v6 subnet size for DSL & leased line customers
nanog at 85d5b20a518b8f6864949bd940457dc124746ddc.nosense.org
Mon Dec 24 00:31:45 UTC 2007
On Sun, 23 Dec 2007 17:26:12 -0600 (CST)
Joe Greco <jgreco at ns.sol.net> wrote:
> > If operational simplicity of fixed length node addressing is a
> > technical reason, then I think it is a compelling one. If you've ever
> > done any reasonable amount of work with Novell's IPX (or other fixed
> > length node addressing layer 3 protocols (mainly all of them except
> > IPv4!)) you'll know what I mean.
> > I think Ethernet is also another example of the benefits of
> > spending/"wasting" address space on operational convenience - who needs
> > 46/47 bits for unicast addressing on a single layer 2 network!? If I
> > recall correctly from bits and pieces I've read about early Ethernet,
> > the very first versions of Ethernet only had 16 bit node addressing.
> > They then decided to spend/"waste" bits on addressing to get
> > operational convenience - "plug and play" layer 2 networking.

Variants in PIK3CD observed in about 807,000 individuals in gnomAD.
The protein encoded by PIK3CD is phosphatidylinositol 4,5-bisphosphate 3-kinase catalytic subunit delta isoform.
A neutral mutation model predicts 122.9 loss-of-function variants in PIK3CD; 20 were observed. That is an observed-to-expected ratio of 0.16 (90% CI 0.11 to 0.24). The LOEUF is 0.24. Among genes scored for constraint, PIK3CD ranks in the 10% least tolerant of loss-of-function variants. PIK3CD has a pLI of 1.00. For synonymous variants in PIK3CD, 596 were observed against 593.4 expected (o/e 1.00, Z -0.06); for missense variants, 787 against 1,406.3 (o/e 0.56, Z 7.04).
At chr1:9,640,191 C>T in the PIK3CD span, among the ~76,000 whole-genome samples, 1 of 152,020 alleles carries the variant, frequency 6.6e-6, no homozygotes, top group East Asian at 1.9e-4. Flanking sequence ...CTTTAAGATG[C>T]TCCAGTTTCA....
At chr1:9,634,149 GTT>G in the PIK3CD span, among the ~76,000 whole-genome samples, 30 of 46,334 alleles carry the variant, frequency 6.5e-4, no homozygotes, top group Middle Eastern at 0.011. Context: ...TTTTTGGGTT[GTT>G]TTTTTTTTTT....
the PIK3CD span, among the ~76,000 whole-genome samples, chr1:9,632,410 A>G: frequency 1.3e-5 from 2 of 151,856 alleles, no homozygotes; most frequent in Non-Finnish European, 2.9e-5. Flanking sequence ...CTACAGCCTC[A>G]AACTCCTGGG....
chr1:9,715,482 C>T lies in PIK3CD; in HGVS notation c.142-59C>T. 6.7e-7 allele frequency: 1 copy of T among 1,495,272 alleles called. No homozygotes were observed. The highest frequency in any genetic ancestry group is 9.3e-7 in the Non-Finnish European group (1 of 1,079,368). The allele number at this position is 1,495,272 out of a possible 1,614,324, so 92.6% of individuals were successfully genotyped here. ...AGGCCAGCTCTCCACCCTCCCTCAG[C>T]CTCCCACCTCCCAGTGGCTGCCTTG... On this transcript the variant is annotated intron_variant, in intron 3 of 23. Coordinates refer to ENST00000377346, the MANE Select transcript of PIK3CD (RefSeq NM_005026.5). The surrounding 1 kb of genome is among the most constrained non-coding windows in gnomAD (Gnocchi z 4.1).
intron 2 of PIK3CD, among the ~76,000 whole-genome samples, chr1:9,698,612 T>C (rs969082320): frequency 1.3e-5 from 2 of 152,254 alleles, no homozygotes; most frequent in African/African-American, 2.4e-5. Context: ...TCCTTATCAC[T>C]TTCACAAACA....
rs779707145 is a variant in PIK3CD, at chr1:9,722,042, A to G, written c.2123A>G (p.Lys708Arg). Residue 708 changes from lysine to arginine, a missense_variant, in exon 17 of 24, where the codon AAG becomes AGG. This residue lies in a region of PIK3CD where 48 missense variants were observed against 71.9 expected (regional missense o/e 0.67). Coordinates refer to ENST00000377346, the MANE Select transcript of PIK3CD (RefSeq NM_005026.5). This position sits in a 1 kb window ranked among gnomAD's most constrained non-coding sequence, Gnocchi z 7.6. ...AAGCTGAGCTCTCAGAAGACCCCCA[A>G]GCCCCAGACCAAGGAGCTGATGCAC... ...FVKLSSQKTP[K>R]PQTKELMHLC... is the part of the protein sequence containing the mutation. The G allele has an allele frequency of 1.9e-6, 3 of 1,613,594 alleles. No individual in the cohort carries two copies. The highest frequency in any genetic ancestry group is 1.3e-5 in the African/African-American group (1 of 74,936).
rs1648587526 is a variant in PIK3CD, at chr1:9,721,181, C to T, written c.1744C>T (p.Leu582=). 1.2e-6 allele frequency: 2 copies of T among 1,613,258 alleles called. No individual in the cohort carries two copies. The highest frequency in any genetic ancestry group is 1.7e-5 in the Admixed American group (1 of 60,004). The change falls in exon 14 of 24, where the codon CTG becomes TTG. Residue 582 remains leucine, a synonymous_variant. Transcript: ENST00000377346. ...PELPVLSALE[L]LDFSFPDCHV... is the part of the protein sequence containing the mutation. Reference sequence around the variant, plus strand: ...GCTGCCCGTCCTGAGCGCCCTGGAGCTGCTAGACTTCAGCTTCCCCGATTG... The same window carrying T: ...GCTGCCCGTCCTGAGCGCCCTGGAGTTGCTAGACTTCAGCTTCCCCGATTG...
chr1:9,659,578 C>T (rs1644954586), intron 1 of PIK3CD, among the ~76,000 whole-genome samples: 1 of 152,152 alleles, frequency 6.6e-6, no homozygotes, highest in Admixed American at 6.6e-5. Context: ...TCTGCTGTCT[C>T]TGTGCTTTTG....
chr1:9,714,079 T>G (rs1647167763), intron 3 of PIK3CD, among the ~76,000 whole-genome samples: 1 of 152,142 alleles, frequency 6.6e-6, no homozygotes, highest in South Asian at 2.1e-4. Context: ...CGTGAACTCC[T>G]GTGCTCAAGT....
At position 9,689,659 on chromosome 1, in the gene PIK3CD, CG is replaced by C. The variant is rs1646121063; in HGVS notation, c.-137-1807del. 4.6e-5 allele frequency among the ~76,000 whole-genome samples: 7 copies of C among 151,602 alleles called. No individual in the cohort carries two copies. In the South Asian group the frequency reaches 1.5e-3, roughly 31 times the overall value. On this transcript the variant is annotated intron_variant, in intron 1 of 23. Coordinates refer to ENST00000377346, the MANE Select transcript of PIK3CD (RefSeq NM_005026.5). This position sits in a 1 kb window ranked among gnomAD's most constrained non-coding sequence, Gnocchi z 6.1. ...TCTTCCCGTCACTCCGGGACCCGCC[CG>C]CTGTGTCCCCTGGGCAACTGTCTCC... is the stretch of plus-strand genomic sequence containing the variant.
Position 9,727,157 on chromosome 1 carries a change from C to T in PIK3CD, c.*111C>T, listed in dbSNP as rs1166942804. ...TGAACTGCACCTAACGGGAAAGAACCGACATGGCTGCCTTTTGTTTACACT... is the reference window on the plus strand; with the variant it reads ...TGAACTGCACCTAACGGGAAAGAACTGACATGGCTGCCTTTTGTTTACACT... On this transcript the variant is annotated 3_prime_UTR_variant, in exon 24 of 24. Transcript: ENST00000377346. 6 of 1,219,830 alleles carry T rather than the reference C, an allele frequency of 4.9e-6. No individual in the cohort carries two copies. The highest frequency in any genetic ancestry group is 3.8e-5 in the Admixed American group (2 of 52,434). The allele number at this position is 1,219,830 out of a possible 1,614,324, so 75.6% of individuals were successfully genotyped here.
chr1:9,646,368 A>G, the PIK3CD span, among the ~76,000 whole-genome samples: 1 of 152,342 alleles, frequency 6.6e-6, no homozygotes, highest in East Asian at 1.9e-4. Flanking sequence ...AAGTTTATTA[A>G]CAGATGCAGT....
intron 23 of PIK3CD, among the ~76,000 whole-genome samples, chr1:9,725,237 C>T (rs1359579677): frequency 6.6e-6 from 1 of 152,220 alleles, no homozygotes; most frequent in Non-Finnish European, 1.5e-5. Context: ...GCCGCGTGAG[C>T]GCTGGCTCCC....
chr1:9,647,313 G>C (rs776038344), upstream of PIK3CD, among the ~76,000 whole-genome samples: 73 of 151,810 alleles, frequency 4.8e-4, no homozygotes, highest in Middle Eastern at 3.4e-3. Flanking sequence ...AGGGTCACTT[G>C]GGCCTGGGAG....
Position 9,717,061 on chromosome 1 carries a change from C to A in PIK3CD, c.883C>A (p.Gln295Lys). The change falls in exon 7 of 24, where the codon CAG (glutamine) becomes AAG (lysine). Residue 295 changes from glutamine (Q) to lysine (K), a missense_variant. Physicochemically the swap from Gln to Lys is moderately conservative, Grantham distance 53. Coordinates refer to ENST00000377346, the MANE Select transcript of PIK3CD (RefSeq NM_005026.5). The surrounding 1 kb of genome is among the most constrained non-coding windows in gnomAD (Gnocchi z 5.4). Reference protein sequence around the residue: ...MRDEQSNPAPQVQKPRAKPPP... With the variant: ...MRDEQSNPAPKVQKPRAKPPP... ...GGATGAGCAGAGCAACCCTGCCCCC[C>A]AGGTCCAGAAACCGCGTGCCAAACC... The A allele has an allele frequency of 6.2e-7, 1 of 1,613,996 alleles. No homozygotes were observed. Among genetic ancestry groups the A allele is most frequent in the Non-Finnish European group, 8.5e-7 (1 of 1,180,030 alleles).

> The difference is that it doesn't "cost" anything. There are no RIR fees,
> there is no justification. You don't pay for, or have to justify, your
> Ethernet MAC addresses.
> With IPv6, there are certain pressures being placed on ISP's not to be
> completely wasteful.
I don't think there is that difference at all. MAC address allocations
are paid for by the Ethernet chipset/card vendor, and I'm pretty sure
they have to justify their usage before they're allowed to buy another
block. I understand they're US$1250 an OUI, so something must have
happened to prevent somebody buying them all up to hoard them, creating
artificial scarcity, and then charging a market sensitive price for
them, rather than the flat rate they cost now. That's not really any
different to an ISP paying RIR fees, and then indirectly passing those
costs onto their customers.
> This will compel ISP's to at least consider the issues, and it will most
> likely force users to buy into technologies that allow them to do what they
> want. And inside a /64, you have sufficient space that there's probably
> nothing you can't do. :-)
> ... JG
> Joe Greco - sol.net Network Services - Milwaukee, WI - http://www.sol.net
> "We call it the 'one bite at the apple' rule. Give me one chance [and] then I
> won't contact you again." - Direct Marketing Ass'n position on e-mail spam(CNN)
> With 24 million small businesses in the US alone, that's way too many apples.
"Sheep are slow and tasty, and therefore must remain constantly
- Bruce Schneier, "Beyond Fear"
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